Senate Bill 635, sponsored by Senator Frosh and House Bill 1154, introduced by Delegate Jim Gilchrist, require the revocation of an individual’s commercial fishing license if they are found by an Administrative Law Judge to have knowingly committed an egregious or repeat violation against striped bass or blue crabs including: using illegal gear; harvesting during closed seasons; harvesting from a closed area; violating established harvest, catch or size limits; or violating tagging and reporting requirements.The penalties for commercial poaching in Maryland have long been a joke. Many watermen seem to consider them more akin to licensing fees than punishment. The real question is whether watermen will be charged with these offenses, and if they are, whether they are going to sentenced to these fairly severe punishment by judges.
Senate Bill 655, along with House Bill 1225, increase the penalty for engaging in commercial fishing with a suspended license, a revoked license or without a license, by establishing a fine of up to $25,000 and imprisonment for up to one year. A higher fine and possible imprisonment will deter future violations resulting from fishing on a suspended commercial license.
This year, NRP seized 10,825 yards of illegal anchored gill net, with 32,204 pounds of striped bass retrieved from these nets. This was the largest illegal poach seized in Maryland in decades. As a response, the General Assembly passed House Bill 1252, which establishes a new misdemeanor charge for the unlawful capture of over $20,000 worth of striped bass (as determined by the proceeds of the unlawful capture). The charge carries a penalty of up to than two years imprisonment.That "as determined by proceeds of the unlawful capture" part concerns me. In the case of the nets found recently, there would be no proceeds for selling those fish, as they were dead and worthless. Would they count those at the current market price of striped bass, which varies considerably depending on the time of year and the the condition of the fish? It takes a lot of dead fish to add up to $20,000 worth in most cases, although a few exceptional hauls might cross that mark. Maryland defines theft of over $1000 worth of property or money as a felony with a penalty of up to 10 years in jail. A misdemeanor and two years seems lenient for the theft of over $20,000 worth of public resources.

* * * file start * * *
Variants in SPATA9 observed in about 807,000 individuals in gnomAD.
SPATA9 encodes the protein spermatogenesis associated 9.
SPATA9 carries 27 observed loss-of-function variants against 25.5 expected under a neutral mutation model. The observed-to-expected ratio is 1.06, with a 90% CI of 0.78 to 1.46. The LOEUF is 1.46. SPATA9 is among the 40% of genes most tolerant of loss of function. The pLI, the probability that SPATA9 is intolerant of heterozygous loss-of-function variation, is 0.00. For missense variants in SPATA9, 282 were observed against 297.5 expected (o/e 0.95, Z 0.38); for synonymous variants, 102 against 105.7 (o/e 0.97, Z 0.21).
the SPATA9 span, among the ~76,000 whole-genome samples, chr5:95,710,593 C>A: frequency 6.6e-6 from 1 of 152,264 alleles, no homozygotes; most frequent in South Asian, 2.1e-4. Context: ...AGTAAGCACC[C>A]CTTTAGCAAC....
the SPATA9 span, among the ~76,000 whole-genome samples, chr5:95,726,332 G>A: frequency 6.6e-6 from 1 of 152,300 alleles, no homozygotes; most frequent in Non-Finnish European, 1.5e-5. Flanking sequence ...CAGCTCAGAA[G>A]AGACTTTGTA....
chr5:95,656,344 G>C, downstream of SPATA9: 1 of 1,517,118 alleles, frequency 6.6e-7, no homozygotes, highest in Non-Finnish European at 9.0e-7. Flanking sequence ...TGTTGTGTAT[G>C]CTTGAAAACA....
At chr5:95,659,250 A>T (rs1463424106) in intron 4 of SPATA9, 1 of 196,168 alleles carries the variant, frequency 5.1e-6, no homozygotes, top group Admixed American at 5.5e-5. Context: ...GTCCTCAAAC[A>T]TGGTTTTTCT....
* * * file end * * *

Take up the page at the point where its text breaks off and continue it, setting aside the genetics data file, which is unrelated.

Three new bills were also signed to encourage oyster aquaculture:
Senate Bill 847 and House Bill 1053, introduced on behalf of the Governor, will streamline the aquaculture permitting process by consolidating and transferring several important aquaculture functions within one State agency. DNR will now coordinate all aquaculture permitting, issue water column leases, and staff the Aquaculture Coordinating Council and Aquaculture Review Board. Finally, House Bill 208 allows the Department to lease barren areas located within oyster sanctuaries for aquaculture.